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FO-DTS > Waquoit Bay

Fiber-Optic Distributed Temperature Sensing in Waquoit Bay, Massachusetts


In 2006 the USGS Office of Groundwater, Branch of Geophysics (OGW BG) conducted a technology demonstration and evaluation project in Waquoit Bay, East Falmouth, Massachusetts, to evaluate the use of fiber-optic distributed temperature sensing (FO-DTS). In this project, the USGS used FO-DTS to investigate aquifer-estuary interaction by monitoring submarine groundwater discharge in Waquoit Bay. OGW BG conducted the project at the Waquoit Bay National Estuarine Research Reserve in cooperation with scientists from the Massachusetts Institute of Technology (MIT) and with support from the USGS Groundwater Resources Program.

The results of the demonstration and evaluation project indicate that high spatial and temporal resolution of thermal variations is possible with FO-DTS. In addition, the FO-DTS results were consistent with direct measurements of submarine groundwater discharge.

During the project, multiple equipment systems were used, and a variety of data sets were collected in addition to FO-DTS, including direct temperature sensors at discrete points, seepage measurements, and pore-fluid salinity measurements. Previous research conducted by MIT scientists at the site also provided important background information.

The FO-DTS cable was deployed over an 80- by 60-meter area just offshore. As configured, the resolution along the cable was approximately:

To identify submarine groundwater discharge into the Bay, data were analyzed for:

Photo Gallery

 [Figure 1 - Photo: Waquoit Bay National Estuarine Research Reserve sign]
Figure 1. The Waquoit Bay National Estuarine Research Reserve is located in Massachusetts.
 [Figure 2 - Photo: View of Waquoit Bay study area]
Figure 2. The study area is located just off shore in Waquoit Bay, Massachusetts.
 [Figure 3 - Photo: Scientists tie rope to cable.]
Figure 3. Charles Harvey (MIT) and Fred Day-Lewis (USGS) prepare the fiber-optic distributed temperature sensing system. To relieve strain on the cable, it was taped to a heavy rope.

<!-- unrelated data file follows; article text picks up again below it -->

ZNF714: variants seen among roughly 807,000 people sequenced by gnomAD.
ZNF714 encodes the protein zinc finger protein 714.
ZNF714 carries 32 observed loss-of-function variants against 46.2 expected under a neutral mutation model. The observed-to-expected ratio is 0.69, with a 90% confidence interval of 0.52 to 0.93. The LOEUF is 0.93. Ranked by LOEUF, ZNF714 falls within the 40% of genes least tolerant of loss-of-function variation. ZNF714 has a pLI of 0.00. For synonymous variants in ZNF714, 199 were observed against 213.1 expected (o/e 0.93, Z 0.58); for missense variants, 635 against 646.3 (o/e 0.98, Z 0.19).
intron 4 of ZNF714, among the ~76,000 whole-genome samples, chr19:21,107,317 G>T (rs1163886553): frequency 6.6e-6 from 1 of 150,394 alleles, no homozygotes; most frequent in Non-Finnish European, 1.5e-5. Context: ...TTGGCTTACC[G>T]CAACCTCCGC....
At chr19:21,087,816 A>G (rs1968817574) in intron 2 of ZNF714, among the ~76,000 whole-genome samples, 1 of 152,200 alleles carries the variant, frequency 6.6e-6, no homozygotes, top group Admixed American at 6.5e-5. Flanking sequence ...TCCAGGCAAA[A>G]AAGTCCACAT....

[Figure 4 - Photo: Scientist operates laptop computer]
Figure 4. Hannan Karam (MIT) connects the distributed temperature sensor to a laptop computer. This allows temperature data to be monitored real-time and (or) saved and analyzed later.
 [Figure 5 - Photo: Scientist attaches float to cable.]
Figure 5. Hanan Karam (MIT) attaches floats to the cable and rope to help with the deployment.
 [Figure 6 - Photo: Scientist in kayak toes cable in Bay.]
Figure 6. Fred Day-Lewis (USGS) deploys the cable off shore.
 [Figure 7 - Photo: Scientists prepare seepage meters on beach.]
Figure 7. Seepage meters being prepared for installation by MIT graduate students.
 [Figure 8 - Photo: View of seepage meters and pipes installed offshore.]
Figure 8. Seepage meters and salinity measurements at pipes along the cable provided ground truth.


For More Information

For more information about the Waquoit Bay FO-DTS project, contact Fred Day-Lewis ( or 860-487-7402 x21) at the OGW, Branch of Geophysics.

This project was conducted with support from the USGS Groundwater Resources Program.

Collaborators & Cooperators


Day-Lewis, F.D., Karam, H.N., Harvey, C.F., and Lane, J.W., Jr., 2006, Monitoring submarine ground-water discharge using a distributed temperature sensor, Waquoit Bay, Massachusetts [abs.]: EOS Transactions, American Geophysical Union, v. 87, no. 52, Fall Meeting Supplement, Abstract NS24A-02, Invited.

Day-Lewis, FD and Lane, J.W., Jr., 2006, Using a Fiber-Optic Distributed Temperature Sensor to Understand Ground-Water/Surface-Water Interaction: U.S. Geological Survey Water Resources Discipline - Wester Region Research Seminar Series, November 30, 2006 (video online at mms://

Henderson, R.D., Day-Lewis, F.D., and Harvey, C.F., 2009, Investigation of aquifer-estuary interaction using wavelet analysis of fiber-optic temperature data: Geophysical Research Letters, 36, L06403, doi:10.1029/2008GL036926.

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